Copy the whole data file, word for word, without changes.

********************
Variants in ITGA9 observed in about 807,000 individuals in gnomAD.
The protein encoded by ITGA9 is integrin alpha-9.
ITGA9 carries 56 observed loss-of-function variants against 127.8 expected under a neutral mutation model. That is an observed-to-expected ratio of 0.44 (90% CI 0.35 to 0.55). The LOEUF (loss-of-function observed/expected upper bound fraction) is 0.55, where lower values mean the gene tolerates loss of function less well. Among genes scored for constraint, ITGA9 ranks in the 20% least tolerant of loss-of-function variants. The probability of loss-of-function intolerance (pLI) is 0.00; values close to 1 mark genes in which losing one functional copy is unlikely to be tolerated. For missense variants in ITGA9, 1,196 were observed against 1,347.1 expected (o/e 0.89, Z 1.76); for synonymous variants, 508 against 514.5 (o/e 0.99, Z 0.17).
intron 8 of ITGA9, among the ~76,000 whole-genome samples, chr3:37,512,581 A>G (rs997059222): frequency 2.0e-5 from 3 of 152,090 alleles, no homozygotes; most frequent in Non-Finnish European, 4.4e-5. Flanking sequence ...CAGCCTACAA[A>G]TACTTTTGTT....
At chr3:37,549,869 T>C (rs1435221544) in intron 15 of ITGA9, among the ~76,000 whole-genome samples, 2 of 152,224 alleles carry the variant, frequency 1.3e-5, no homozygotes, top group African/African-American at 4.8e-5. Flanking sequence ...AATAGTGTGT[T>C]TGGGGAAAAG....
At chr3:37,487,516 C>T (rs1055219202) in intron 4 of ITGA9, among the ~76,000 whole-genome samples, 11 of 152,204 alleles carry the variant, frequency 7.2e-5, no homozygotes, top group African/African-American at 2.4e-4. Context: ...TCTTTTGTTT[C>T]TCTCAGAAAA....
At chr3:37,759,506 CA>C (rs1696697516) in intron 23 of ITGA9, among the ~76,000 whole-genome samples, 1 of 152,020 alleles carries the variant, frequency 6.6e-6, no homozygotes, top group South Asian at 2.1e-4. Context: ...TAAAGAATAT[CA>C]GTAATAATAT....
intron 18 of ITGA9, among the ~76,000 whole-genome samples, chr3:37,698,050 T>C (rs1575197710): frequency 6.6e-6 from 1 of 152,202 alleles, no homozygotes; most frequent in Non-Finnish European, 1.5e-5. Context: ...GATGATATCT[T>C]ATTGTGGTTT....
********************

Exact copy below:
Variants in ITGA9 observed in about 807,000 individuals in gnomAD.
The protein encoded by ITGA9 is integrin alpha-9.
ITGA9 carries 56 observed loss-of-function variants against 127.8 expected under a neutral mutation model. That is an observed-to-expected ratio of 0.44 (90% CI 0.35 to 0.55). The LOEUF (loss-of-function observed/expected upper bound fraction) is 0.55, where lower values mean the gene tolerates loss of function less well. Among genes scored for constraint, ITGA9 ranks in the 20% least tolerant of loss-of-function variants. The probability of loss-of-function intolerance (pLI) is 0.00; values close to 1 mark genes in which losing one functional copy is unlikely to be tolerated. For missense variants in ITGA9, 1,196 were observed against 1,347.1 expected (o/e 0.89, Z 1.76); for synonymous variants, 508 against 514.5 (o/e 0.99, Z 0.17).
intron 8 of ITGA9, among the ~76,000 whole-genome samples, chr3:37,512,581 A>G (rs997059222): frequency 2.0e-5 from 3 of 152,090 alleles, no homozygotes; most frequent in Non-Finnish European, 4.4e-5. Flanking sequence ...CAGCCTACAA[A>G]TACTTTTGTT....
At chr3:37,549,869 T>C (rs1435221544) in intron 15 of ITGA9, among the ~76,000 whole-genome samples, 2 of 152,224 alleles carry the variant, frequency 1.3e-5, no homozygotes, top group African/African-American at 4.8e-5. Flanking sequence ...AATAGTGTGT[T>C]TGGGGAAAAG....
At chr3:37,487,516 C>T (rs1055219202) in intron 4 of ITGA9, among the ~76,000 whole-genome samples, 11 of 152,204 alleles carry the variant, frequency 7.2e-5, no homozygotes, top group African/African-American at 2.4e-4. Context: ...TCTTTTGTTT[C>T]TCTCAGAAAA....
At chr3:37,759,506 CA>C (rs1696697516) in intron 23 of ITGA9, among the ~76,000 whole-genome samples, 1 of 152,020 alleles carries the variant, frequency 6.6e-6, no homozygotes, top group South Asian at 2.1e-4. Context: ...TAAAGAATAT[CA>C]GTAATAATAT....
intron 18 of ITGA9, among the ~76,000 whole-genome samples, chr3:37,698,050 T>C (rs1575197710): frequency 6.6e-6 from 1 of 152,202 alleles, no homozygotes; most frequent in Non-Finnish European, 1.5e-5. Context: ...GATGATATCT[T>C]ATTGTGGTTT....